any given moment, the association has several dozen investigations under
way, with violations punishable by probation, fines, suspensions, and cost-
ly bans from TV appearances or post-season tournaments or bowl games.
While individual student-athletes, coaches, or athletics department admin-
istrators may be penalised, the member institution itself may pay the stiffest
price, with loss of scholarships, TV revenue, and post-season competitions.
The NCAA maintains active programmes to monitor and discourage ille-
gal gambling and drug use. Representatives of the association claim that
incidence of both among student-athletes is comparable to that of student
populations generally.
The next level consists of “conferences” or leagues in which certain schools
compete in particular sports. These are usually grouped geographically– the
Big East (East Coast), Southeastern Conference, Big Ten (upper Midwest), Big
12 (South Central), Pacific 10, and so on–or by historical rivalries (the Ivy
League) or religious orientation (various Roman Catholic conferences). A few
prominent institutions –Notre Dame, for example –are “independents” unaf-
filiated with any league or conference. The major Division I conferences are
each presided over by a commissioner and staff responsible for scheduling,
oversight of game officials, securing commercial sponsorships, and negotia-
tion of national broadcasting rights, among other duties.
At the bottom is the individual NCAA member institution. Here, the director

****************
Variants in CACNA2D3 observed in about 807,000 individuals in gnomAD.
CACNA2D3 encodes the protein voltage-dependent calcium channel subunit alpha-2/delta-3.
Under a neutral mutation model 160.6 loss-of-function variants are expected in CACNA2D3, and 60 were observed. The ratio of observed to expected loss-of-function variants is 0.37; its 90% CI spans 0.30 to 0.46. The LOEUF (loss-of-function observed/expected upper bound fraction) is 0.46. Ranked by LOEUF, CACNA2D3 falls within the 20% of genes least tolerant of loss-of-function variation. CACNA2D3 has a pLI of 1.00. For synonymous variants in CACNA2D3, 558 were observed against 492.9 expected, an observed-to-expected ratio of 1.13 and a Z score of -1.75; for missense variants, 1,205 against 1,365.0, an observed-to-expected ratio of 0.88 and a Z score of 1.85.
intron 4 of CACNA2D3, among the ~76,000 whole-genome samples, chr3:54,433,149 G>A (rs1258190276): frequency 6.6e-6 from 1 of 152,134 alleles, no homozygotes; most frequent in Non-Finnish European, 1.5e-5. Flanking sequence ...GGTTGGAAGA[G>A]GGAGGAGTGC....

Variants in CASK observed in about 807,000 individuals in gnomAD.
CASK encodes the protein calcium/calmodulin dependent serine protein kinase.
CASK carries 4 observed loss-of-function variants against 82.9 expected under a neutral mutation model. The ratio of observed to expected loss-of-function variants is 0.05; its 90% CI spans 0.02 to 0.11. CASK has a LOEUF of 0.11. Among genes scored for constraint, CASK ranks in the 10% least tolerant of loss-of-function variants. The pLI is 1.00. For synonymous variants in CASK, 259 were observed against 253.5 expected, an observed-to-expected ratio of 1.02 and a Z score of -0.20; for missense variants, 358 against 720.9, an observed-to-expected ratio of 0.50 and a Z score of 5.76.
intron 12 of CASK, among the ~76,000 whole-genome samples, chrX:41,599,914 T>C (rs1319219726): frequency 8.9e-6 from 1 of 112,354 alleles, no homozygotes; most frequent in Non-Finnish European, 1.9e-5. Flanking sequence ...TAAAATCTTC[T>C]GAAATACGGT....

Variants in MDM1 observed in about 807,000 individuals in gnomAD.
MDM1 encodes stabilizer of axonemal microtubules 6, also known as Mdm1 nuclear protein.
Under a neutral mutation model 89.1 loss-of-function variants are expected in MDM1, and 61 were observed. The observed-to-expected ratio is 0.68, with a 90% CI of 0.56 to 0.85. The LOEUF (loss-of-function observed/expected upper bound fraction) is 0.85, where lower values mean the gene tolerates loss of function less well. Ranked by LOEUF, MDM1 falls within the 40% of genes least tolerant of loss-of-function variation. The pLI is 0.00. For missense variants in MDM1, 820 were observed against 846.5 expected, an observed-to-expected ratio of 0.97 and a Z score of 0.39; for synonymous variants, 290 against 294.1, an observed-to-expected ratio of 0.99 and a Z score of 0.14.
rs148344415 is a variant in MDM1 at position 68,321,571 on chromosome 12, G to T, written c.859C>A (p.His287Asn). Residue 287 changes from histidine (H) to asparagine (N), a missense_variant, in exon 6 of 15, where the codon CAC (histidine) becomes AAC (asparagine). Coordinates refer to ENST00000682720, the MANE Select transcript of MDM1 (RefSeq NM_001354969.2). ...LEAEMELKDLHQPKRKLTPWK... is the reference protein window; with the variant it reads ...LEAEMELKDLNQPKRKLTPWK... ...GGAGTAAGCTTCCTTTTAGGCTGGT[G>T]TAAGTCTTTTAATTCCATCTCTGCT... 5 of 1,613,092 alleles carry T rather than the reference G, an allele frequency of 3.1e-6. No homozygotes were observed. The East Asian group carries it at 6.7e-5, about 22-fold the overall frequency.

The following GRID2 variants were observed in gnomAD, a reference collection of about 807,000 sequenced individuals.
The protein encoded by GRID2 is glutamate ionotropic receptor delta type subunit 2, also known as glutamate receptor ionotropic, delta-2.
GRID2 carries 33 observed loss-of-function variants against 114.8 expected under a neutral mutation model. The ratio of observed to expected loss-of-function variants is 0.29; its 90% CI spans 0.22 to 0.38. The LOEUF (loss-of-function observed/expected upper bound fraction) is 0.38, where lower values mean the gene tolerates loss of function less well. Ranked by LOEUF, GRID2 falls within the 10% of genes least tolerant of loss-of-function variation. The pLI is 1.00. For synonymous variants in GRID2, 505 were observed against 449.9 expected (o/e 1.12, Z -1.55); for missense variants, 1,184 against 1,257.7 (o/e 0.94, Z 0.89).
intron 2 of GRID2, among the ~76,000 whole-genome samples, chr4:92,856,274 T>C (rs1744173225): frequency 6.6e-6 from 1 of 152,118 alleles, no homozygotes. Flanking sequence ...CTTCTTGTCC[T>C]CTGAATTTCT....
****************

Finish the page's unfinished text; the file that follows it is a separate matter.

of athletics presides over the department of athletics and typically reports to
the institution’s president or chancellor. The director of athletics is responsible
for hiring and supervising coaches and the operation of sports programmes,
including management of events and venues and compliance with NCAA and
conference or league polices and rules. As noted, each member institution is
responsible for policing its own ranks and reporting violations to the NCAA.
A second distinguishing feature of intercollegiate sports is a tension between
the overarching educational purpose of colleges and universities and field-
ing successful sports teams. This tension is hardly recent: “This college is a
failure”, declares Professor Quincy Adams Wagstaff (Groucho Marx), newly
elected president of the fictional Huxley College, in the 1932 film,
. “The trouble is, we’re neglecting football for education.”
Yet if the primary
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